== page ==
Maurice Devitt – The Fear of Being

Profile Maurice Devitt LE Mag July 2019

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The Fear of Being, poems by Maurice Devitt

Selected for Poetry Ireland Introductions in 2016, Maurice Devitt’s poems have featured in a significant number of journals, both in Ireland and internationally. He was a featured poet at the Poets in Transylvania Festival in 2015 and a guest speaker at the John Berryman Centenary Conference in both Dublin and Minneapolis. His poems have been nominated for Pushcart, Forward and Best of the Net prizes and his Pushcart-nominated poem, ‘The Lion Tamer Dreams of Office Work’, was the title poem of an anthology published by Hibernian Writers in 2015. He is curator of the Irish Centre for Poetry Studies site and has recently published his debut collection, ‘Growing Up in Colour’, with Doire Press.

The Fear of Being

A burglar called to my house last night
but I wasn’t home, so he slipped the latch
with his ATM card and let himself in.
He hovered in the innocent dark,
adjusting his eyes to the light,
the alarm triggered like a starter pistol
and he was off, swooping through the house,
eyes peaked, gloved hands flapping
and ears tuned for surprising sounds
in the chaos. When I returned,
my world was laid out for anybody to see,
but not as I remembered it, and a stranger
had walked in to my life, never to leave.

In Principle, Peter was right

after Laurence J. Peter 1919-1990

My boss called me to his office,
that plush, chrome cavern on the ninth,
remarked how my performance had surpassed
all expectation and outlined a position
he would like me to consider. At first I feigned
disinterest, my gaze apparently distracted
by the precipitous view to the river, but,
not for the first time, the black tongue of ambition
quickly sold me the deal. A corner office on the seventh,
an oak desk the size of a small house, Chesterfield suite
in stressed leather and a green banker’s lamp.
I was accompanied by boxes of management books,
bought but never read, and, waiting to crowd the bare walls,
a tower of framed certs, impressive to look at
but not to examine. I called my mother, she called
her friends, and I settled in quickly, my team rapt
and responsive, their lunch breaks spent googling
my career. Deal after deal stacked up, board members
whispered my name, for months I could do no wrong.
Until one day, I’m not sure when, my numbers became
a fraction of themselves, presentations appeared
in invisible ink and every sales pitch
sounded poached and scrambled. I tried harder
and the target moved further away. Friends trawled
my past for torn blankets of comfort, but they covered little
of the gloom. I had grown to believe that failure
was a distant cousin of success, mentioned in passing
at family parties but never seen, yet, when it arrived,
I could hardly tell the difference, and recognition
brought such a glorious release.

The Office Bully

lives on your street
and every morning
he kisses his wife and kids
goodbye, heads for the train.
He might engage a friend
in conversation about the football
the night before or simply stand
in a packed carriage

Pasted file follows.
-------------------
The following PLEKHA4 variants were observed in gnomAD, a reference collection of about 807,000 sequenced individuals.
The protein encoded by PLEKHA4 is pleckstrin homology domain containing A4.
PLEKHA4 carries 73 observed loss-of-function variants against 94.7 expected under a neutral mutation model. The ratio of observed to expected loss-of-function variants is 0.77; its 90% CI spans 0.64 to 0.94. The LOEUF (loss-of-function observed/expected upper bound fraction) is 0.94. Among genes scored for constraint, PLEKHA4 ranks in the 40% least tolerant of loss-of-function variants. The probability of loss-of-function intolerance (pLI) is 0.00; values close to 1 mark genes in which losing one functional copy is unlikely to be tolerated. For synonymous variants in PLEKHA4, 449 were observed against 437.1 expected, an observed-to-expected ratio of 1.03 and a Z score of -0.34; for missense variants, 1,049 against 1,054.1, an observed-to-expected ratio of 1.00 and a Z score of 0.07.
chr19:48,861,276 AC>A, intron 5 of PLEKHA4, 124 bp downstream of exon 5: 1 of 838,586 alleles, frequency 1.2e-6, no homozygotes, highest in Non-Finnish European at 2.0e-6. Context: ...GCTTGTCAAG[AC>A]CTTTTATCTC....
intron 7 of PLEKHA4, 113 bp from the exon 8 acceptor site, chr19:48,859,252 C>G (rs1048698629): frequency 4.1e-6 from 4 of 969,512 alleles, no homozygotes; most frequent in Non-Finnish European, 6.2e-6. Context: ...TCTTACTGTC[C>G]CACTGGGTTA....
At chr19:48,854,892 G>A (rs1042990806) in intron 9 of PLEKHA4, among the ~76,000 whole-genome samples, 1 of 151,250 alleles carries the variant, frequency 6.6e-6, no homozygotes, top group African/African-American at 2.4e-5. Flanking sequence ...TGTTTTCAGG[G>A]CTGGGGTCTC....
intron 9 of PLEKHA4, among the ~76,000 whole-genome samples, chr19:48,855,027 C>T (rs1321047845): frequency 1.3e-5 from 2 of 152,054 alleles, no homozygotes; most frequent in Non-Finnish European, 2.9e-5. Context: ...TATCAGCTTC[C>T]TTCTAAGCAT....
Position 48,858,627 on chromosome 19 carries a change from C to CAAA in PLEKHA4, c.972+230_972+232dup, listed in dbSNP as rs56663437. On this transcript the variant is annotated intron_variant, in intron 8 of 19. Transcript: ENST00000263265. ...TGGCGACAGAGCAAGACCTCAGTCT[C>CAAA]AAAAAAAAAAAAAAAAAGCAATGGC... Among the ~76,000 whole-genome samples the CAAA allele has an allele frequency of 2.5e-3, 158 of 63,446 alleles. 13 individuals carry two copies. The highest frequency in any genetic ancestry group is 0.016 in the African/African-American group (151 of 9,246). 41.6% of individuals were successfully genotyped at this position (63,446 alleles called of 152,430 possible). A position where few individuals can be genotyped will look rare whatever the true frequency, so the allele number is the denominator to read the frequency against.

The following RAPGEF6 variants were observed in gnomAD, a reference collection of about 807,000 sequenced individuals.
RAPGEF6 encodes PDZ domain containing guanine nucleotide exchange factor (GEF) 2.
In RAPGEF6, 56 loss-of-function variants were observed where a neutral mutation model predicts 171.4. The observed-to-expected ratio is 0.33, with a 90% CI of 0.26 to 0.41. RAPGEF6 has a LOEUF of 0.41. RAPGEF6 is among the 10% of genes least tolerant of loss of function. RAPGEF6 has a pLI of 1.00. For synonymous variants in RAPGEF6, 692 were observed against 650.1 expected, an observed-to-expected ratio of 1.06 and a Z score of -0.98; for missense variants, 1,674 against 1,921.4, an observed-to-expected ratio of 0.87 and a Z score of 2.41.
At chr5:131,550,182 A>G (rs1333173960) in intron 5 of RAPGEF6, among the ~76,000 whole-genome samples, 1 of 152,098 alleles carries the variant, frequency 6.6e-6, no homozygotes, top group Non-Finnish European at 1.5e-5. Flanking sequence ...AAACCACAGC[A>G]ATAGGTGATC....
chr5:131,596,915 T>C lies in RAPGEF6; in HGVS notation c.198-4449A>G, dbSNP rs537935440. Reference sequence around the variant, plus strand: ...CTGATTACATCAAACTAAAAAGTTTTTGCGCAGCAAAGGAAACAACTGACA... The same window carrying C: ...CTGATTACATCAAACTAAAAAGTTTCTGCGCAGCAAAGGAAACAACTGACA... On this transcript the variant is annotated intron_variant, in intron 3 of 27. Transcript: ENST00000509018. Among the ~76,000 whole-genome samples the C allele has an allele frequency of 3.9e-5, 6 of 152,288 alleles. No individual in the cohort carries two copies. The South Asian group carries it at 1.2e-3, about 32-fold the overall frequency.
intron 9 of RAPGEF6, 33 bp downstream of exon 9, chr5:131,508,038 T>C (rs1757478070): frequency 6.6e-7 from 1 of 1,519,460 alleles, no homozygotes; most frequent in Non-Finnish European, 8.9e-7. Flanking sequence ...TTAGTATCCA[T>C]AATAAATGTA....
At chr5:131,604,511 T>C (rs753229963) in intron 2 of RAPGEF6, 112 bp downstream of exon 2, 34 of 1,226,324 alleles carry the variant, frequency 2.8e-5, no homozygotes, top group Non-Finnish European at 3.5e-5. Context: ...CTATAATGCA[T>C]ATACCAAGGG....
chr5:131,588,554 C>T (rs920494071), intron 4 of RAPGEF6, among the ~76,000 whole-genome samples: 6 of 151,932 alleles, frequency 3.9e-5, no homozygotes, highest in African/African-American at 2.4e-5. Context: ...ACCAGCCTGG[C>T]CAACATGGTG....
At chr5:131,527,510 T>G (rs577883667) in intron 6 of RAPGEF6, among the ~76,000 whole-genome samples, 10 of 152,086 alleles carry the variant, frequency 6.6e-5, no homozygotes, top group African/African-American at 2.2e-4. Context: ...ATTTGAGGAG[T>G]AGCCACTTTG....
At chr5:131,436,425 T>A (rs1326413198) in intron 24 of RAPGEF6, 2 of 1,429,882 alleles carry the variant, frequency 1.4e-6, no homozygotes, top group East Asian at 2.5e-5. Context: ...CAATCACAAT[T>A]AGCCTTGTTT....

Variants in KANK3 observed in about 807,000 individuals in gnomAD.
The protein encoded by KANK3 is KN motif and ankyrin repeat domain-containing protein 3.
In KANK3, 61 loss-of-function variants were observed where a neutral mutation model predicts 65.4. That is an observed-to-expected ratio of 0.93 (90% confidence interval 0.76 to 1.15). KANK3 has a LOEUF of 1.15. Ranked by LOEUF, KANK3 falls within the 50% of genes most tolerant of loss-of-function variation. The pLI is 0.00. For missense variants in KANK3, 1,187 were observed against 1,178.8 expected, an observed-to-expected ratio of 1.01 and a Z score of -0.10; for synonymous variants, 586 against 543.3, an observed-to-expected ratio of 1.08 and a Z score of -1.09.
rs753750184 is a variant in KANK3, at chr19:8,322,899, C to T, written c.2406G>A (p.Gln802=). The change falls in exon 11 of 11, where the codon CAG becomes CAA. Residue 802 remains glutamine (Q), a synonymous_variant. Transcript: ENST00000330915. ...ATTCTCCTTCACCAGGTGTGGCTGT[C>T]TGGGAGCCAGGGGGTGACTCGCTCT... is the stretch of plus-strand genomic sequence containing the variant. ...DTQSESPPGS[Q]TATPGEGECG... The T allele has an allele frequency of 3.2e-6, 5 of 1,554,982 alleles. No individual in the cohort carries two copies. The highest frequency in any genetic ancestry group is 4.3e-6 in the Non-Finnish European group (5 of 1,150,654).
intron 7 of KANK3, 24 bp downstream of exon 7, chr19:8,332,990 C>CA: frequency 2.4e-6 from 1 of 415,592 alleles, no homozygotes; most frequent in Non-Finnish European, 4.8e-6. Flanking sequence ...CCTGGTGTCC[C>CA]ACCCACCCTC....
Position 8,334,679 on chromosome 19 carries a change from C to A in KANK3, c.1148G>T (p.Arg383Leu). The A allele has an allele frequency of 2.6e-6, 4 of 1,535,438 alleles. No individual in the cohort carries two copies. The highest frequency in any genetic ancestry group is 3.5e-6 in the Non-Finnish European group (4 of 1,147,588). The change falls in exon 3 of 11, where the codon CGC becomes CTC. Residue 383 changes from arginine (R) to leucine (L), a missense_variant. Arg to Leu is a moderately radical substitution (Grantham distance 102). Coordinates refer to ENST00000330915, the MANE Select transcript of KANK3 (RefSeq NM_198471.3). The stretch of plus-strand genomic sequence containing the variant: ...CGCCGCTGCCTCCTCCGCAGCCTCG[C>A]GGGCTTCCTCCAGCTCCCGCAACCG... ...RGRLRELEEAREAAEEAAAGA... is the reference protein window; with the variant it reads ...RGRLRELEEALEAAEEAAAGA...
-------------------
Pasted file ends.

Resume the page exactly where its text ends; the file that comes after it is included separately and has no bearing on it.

thinking about the day ahead.
In the evening he re-traces his steps,
is delighted to be home
and, when his wife asks rhetorically
about his day, he smiles
and wonders what’s for tea.

Still Dreaming of Livorno

When I was seven I acquired my first chicken,
a Black Italian Leghorn, stolen under cover of darkness
from the coop at the end of a neighbour’s garden
and secreted in a wicker basket under the bed.
As I slipped its first egg into the fridge, I remarked
to my mother how I had been woken by a noisy skiffle
from the hen-house next door, followed by the plaintive cry
of a fox, taking care to quickly dismiss an errant feather
from my school jumper. Some days later, when I felt the coast
was clear, I decided to introduce the chicken to my family,
explaining how I had found her wandering in the woods
behind the house and how she had followed me home.
She settled in quickly, sitting beside me on the couch
while I watched cartoons and Aardman re-runs,
scratching industriously around the school-yard
and, even nestling on a window-sill, listening intently,
as the teacher discussed questions of causality,
origin and sequence. And every day a single white egg
until, three weeks in, I found her watching an episode
of Countryfile on the pros and cons of battery farming
and her rhythm stumbled. Her eyes grew cold, she skipped
her daily dust-bath and passed the time staring at the sky.
One morning I woke to find her bed empty,
save for one last egg, sad face emoji etched on the shell.

The Wages of Fear

For years you worked in the shadow
of a man who knew your honesty
was a weakness, who would fleer
at your words, turn certainty
into doubt and scar every weekend
with a cast-off quip,
as he passed laughing through the office
on a Friday evening.

To us a father was all-powerful,
there to entertain on a Sunday night,
read us to sleep, but now I know
how your stomach churned,
as a parallel story
played out in your mind.

A Walk in Winter

It was a day like any other,
aimless and blue.
No crushing commitments,
no burning eye on the calendar,
yet, by evening, he had decided
to step out into the dark.

He must have looked anonymous
in the black air, striding
as though he had some purpose,
some destination in mind.
If it helps, I will describe
again what he was wearing
bulked up against the cold,
perhaps it wasn’t clear on the CCTV.

© Maurice Devitt